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TN2018504

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efore commercial (name and program category) v) TV-show/program after commercial (name and program category), vi) marketing techniques (see paragraph 6.1). Preferably, the 10 most viewed TV-channels should be monitored on two weekdays, Friday and Saturday for at least two weeks on the day parts (breakfast, daytime, primetime and nighttime that are most popular with the demographics described above. Preferably the monitoring should avoid national holidays and periods where seasonal/traditional foods and beverages are more likely to be marketed than the rest of the year (Christmas, Easter etc.): 28 • Documentation required: video recordings of commercials • Relevant research questions: 1, 2, 3, 4, 5, 6 6.4 Streaming TV In addition to traditional TV, children and young people are watching streaming TV, including embedded TV-channels and YouTube channels. Marketing in these channels consists of commercials/sponsor spots before, during and possibly after the content. Selection of streaming TV should be the 3 most watched streaming TV-shows (using national languages and if such figures are available) by the following four groups: i) girls 12 years or younger, ii) boys 12 years and younger, iii) girls 13 to 17 years and iv) boys 13 to 17 years. The necessary variables to include when monitoring marketing in TV are: i) name of broadcaster/website, ii) day/month/year, iii) title of program after commercial (name and program category), iv) number of ad breaks in the program, v) marketing techniques (see paragraph 6.1): • Documentation required: screen shots of commercial • Relevant research questions: 5, 6 6.5 Social media Marketing in social media promotes products and brands through adverts and content that is shared, liked, reviewed and targeted to the characteristic of the user profile. There is much development in marketing in the various social media platforms as well as social media platforms in general. Monitoring of marketing of HFSS towards children and young people in social media should therefore remain under continuous review as new methods for monitoring are developed or become publicly available. At present, 28 This is according to the recommendation in: Kelly B., King L., Baur L., Rayner M., Lobstein T., Monteiro C., et al. (2013). Monitoring food and non-alcoholic beverage promotions to children, Obesity Reviews 14 (suppl.1), 59–69, October 2013. https://doi.org/10.1111/obr.12076 24 Monitoring food marketing to children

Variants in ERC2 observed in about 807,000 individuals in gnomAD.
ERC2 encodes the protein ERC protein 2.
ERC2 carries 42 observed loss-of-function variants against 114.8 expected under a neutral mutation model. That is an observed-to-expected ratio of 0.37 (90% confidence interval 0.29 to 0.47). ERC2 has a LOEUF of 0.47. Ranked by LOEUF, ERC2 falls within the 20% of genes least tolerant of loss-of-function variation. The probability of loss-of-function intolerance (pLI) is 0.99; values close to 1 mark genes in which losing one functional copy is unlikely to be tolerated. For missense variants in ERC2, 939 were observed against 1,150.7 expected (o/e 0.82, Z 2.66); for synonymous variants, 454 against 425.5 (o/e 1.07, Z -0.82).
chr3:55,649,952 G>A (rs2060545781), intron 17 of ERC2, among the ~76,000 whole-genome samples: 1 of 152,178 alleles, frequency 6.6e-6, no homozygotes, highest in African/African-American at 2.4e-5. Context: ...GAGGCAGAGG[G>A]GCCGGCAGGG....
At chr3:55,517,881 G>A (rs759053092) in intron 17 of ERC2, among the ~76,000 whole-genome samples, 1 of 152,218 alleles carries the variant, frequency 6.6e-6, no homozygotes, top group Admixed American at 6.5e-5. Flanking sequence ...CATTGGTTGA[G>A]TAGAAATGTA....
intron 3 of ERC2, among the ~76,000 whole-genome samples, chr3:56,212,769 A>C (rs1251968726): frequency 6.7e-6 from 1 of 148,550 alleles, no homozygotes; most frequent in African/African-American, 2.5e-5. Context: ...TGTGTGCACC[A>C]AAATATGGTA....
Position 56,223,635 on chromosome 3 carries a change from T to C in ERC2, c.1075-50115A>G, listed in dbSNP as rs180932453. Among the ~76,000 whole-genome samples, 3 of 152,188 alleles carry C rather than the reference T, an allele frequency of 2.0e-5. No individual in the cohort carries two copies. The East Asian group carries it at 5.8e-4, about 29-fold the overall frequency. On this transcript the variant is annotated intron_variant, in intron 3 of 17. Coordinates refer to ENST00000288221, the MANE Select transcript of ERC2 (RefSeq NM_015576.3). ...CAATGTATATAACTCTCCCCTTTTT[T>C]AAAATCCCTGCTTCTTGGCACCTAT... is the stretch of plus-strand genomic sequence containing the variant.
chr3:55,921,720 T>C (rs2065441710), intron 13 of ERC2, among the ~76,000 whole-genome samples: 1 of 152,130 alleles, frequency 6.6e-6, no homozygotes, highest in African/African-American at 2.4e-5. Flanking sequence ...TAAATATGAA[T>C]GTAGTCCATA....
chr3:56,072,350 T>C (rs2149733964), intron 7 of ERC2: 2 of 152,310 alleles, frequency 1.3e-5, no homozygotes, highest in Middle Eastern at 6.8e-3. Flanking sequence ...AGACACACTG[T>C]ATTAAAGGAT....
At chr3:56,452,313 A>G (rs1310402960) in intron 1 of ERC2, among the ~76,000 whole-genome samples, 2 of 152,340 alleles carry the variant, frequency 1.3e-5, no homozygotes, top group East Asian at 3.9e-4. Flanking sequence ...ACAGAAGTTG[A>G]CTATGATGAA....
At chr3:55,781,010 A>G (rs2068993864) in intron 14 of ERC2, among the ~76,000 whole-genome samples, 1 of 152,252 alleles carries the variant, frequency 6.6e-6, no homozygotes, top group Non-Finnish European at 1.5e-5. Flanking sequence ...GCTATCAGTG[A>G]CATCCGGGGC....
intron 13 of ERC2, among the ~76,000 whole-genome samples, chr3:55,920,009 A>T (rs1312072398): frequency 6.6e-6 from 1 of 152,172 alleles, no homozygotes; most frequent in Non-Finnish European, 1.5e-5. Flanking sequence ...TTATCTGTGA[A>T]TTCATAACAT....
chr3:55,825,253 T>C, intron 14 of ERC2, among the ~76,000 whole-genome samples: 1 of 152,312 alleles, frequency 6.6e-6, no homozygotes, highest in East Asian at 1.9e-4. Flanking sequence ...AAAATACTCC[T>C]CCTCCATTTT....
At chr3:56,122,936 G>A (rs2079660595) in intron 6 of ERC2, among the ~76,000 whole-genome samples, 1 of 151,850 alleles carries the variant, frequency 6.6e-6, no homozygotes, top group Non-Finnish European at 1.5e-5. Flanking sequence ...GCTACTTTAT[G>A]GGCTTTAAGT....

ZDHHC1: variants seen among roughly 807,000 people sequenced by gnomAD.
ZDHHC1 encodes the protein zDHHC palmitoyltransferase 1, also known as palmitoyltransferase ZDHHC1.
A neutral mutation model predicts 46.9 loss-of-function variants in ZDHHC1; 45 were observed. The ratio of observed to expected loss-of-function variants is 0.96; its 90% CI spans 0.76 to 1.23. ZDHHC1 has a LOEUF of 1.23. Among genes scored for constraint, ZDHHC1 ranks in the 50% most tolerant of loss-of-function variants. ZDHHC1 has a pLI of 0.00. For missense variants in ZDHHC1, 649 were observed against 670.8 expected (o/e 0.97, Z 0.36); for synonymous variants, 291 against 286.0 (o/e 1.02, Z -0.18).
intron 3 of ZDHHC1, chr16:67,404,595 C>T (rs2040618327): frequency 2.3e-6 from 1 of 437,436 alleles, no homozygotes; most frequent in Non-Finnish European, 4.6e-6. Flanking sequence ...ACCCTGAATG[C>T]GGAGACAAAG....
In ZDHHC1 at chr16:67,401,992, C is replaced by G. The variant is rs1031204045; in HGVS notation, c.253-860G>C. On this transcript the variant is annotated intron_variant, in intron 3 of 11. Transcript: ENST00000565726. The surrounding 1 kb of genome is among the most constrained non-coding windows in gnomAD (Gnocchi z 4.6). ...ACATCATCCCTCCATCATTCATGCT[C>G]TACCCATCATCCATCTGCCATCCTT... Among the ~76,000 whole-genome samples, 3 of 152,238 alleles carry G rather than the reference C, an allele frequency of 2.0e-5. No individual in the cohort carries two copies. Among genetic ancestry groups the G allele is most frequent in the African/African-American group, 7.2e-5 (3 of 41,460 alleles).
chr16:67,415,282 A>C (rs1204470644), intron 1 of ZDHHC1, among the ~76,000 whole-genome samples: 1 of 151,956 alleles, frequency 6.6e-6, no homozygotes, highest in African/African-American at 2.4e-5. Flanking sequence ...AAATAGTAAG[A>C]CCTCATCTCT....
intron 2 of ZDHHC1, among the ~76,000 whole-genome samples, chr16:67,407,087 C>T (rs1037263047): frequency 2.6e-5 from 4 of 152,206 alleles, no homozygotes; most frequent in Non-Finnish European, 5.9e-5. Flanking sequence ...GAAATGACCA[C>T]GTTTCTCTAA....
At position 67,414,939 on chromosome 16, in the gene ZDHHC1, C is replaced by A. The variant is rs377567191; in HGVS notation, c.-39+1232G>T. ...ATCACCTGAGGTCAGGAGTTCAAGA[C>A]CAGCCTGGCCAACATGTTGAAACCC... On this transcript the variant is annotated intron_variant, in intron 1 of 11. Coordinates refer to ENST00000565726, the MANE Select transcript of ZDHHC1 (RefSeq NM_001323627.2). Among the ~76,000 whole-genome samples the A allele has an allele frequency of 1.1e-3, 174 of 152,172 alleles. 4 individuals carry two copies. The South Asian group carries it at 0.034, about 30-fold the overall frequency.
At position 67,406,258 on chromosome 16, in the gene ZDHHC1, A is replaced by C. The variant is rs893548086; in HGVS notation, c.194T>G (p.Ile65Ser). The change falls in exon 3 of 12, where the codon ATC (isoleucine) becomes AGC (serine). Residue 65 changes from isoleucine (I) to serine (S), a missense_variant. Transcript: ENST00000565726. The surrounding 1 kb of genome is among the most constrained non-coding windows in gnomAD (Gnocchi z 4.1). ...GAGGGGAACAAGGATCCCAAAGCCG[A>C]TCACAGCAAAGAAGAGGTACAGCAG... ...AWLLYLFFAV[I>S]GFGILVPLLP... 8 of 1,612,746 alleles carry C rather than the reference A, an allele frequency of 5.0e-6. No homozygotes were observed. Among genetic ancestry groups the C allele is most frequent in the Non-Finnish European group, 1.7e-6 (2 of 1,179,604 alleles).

age- and location-specific analytics are typically only available to brands and platforms themselves. However, in case these analytics may be purchased this should be investigated as a first option, depending on budgets available and the age groups for which such data are available. Where specific analytics cannot be accessed, monitoring methods depend on the nature of each platform and the marketing on it, and monitoring in social media needs an exploratory approach. 29 Creating avatar user profiles and simulating engagement in online activities on smartphones typical of a child of relevant age and monitor exposure is one suggested method with mixed experiences. The method needs to be explored with regards to the extent the method provide substantial and relevant information, as well as exploring eventual challenges with existing Terms and Conditions of social media platforms, as these are owned by private corporations who are free to limit access to researchers and change these terms over time. Exploratory monitoring activities should be done with these terms and conditions and legal advice should be obtained when necessary. Another exploratory method that have been tried out is to recruit children and young people who screenshots adverts that they receive through their social media account. 30 An alternative option is to monitor the content of specific brand or product social media pages made by the food industry purposely selected according to the following categories in the WHO nutrient profiling model (see Appendix 1). Three specific product’s social media accounts from each of the following food categories should be selected based on popularity of the brand account with the target group (or closest age group) within Facebook if available: (i) chocolate and sugar confectionary, energy bars, and sweet toppings and desserts, (ii) cakes, sweet biscuits and pastries other sweet bakery wares, and dry mixes for making such, (iii) breakfast cereals, (iv) beverages and (v) savoury snacks as well as (vi) ice cream and (vii) fast food. The variables to include when monitoring social media brand pages are: a) social media platform, b) time and date visited, c) description of marketing (review/advertisement/like/sharing/sponsored content), d) marketing technique (see chapter 6.1): 31 29 See for instance a recent study of usergenerated advertising and food portrayals in Instagram: Holmberg C., Chaplin J.E., Hillman T., Berg C. (2016). Adolescents' presentation of food in social media: An explorative. Study. Appetite (99). 121–129. 30 Experience from Norway suggests that an analysis of online and social media advertising is far more complicated methodically than TV since atvertising online is increasingly personalised via websites, tablets and smartphones. In order to map the amount of unhealthy food and beverage marketing that target children and young people online, 5 girls and 5 boys aged 12–17 years old, from different areas in Norway, were recruited as informants in a study conducted in 2016. The informants were asked to take screenshots of all advertisements they received and noticed on the websites and social media they used the most. The informants chose themselves when during a day they took the screenshots and how many different websites and social media they delivered screenshots from. Each child sent in between 60 and 100 screenshots. In this way, the researchers gained insight into how children and young people are addressed on the internet. The informants could choose if they wanted to take screenshots from mobile, ipad or computer. All participants received a gift card. They submitted consent form, and anonymity was assured. Only the researchers were given access to the data collected. http://www.hioa.no/extension/hioa/design/hioa/images/sifo/files/file80667_oppdragsrapport_9_2016_sifo.pdf 31 In the Irish Heart Foundation’s report written by Mimi Tatlow-Golden “Who’s Feeding the Kids Online? Digital Food Marketing and Children in Ireland” (2016), marketing techniques used on Facebook pages were clustered in to three themes: identifying (advertised food/drink shown, brand logo shown, product packing shown), linking (engagement: Monitoring food marketing to children 25